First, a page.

Fire Sweeps Boat On London Duck Tours; Passengers Leap Into The Thames

Alison Newcomb of London’s Metropolitan Police said that the maritime coast guard is investigating. “At the conclusion of that investigation, I anticipate they will make a decision with regards to future tours,” she told ITV. London Duck Tours said it has stopped operating tours on the river until the reason for the fire has been established. “Should technical or safety modifications be required to our fleet, these will be introduced prior to the service recommencing,” Duck Tours said, stressing that it “operates to the highest safety standards.” “London Duck Tours operates a fully modernized fleet of nine vehicles that have been completely rebuilt and refurbished between 2002 and 2012,” it said. “This includes new, purpose built hulls, new engines, computerized systems and steering equipment.” The company said it was fully cooperating with investigators and regulatory authorities. Previous problems Amphibious tour vehicles have run into trouble in the past. In June, a duck boat sank in the British city of Liverpool. Twenty-seven people were taken to the hospital for shock and exposure after that incident. It was the second time the Liverpool tour company, The Yellow Duckmarine, had had a problem with a vehicle — one of them sank in March without any passengers in it. The Yellow Duckmarine, whose passengers have included the Queen and Prince Philip, is not running any tours at the moment, according to its website. Reports said it went into administration and had its road license revoked after the June sinking.

London transport authority tackles tube etiquette with poetry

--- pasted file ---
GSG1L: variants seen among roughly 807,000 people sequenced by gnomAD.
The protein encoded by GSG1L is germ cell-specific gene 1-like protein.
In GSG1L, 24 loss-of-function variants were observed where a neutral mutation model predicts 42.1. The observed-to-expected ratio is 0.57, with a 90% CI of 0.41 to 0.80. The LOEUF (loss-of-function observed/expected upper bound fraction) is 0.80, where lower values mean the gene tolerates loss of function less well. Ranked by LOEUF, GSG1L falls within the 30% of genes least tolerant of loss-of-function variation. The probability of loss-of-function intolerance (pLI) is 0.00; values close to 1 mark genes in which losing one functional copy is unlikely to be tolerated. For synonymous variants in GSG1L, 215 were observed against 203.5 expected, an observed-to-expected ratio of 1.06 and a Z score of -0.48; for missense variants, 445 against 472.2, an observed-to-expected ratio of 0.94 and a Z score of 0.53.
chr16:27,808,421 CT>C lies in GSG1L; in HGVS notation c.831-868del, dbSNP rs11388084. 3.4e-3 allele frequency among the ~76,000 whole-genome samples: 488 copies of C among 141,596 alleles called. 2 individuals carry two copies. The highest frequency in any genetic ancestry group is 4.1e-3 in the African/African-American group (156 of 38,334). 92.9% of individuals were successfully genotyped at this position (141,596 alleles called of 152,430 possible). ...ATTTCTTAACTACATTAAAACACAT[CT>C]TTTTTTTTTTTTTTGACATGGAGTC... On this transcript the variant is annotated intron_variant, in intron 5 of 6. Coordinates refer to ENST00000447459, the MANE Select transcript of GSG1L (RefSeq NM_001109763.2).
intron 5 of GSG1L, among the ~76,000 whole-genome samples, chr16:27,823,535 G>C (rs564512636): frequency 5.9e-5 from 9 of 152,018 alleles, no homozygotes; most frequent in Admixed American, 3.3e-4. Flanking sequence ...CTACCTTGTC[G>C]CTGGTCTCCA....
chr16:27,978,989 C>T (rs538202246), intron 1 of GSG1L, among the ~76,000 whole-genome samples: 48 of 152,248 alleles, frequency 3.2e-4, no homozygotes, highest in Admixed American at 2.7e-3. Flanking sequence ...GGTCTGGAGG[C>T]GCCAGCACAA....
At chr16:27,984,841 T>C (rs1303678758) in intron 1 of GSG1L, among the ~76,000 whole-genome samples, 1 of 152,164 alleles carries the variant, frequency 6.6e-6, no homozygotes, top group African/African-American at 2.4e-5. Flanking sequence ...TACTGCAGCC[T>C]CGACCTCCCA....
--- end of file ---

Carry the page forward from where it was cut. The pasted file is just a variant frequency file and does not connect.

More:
From Monday until Friday a collection of London poets, including rising star Amy Acre who appeared at this years Latitude festival, will give recitals at some of Londons busiest train and tube stations as part of a wider TfL Travel Better London marketing campaign encouraging commuters to be more considerate towards their fellow travellers. Poets in residence will be performing at nine London stations, including Liverpool Street, Waterloo, London Bridge and Leicester Square, at lunchtime and during the early evening commute for the entire week, with further pop-up performances around the TfL network. TfLs week of poetiquette recitals coincides with National Poetry Day on Thursday 3 October. The London public transport authority, which has a long tradition of promoting poetry on its tube network, has also set up a Tumblr page which invites travellers to submit four-to-six-line poems inspired by their daily commute. Acre said: I think people when theyre on the tube are so in that zone of huddling in and just getting through it and getting to work. Its nice to give people something a bit different and maybe inspire them and make them think in a different way, even if its just for a minute. This project is a great opportunity to get poetry out there to more people that maybe would never listen to it and it wouldnt occur to them that they might like it. The nine poets will be writing topical verses and giving recitals in busking spots at their local station, with Acre performing at London Bridge. The other poets giving twice-daily recitals are Amy McAllister (performing at Angel), Jacqueline Saphra (Canary Wharf), Sarah Wardle (Embankment), Sophie Herxheimer (Knightsbridge), Richard Purnell (Hammersmith), Joolz Sparkes (Leicester Square), Deanna Rodger (Liverpool Street) and Dan Simpson (Waterloo). Acre, McAllister, Simpson, Rodger and Purnell will also be performing at other TfL locations, along with poets Emma Jones, Keith Jarrett, Raymond Antrobus and Richard Marsh. The recitals kick off a wider TfL marketing campaign that will also feature poster advertising across London public transport including tube, bus, rail, trams and the Docklands Light Railway. Poster ads will feature drawings by graphic artists illustrating poetry urging commuters not to drop litter, obstruct train doors and if they are taken ill on the underground, not to push the alarm button but wait and get off at the next station.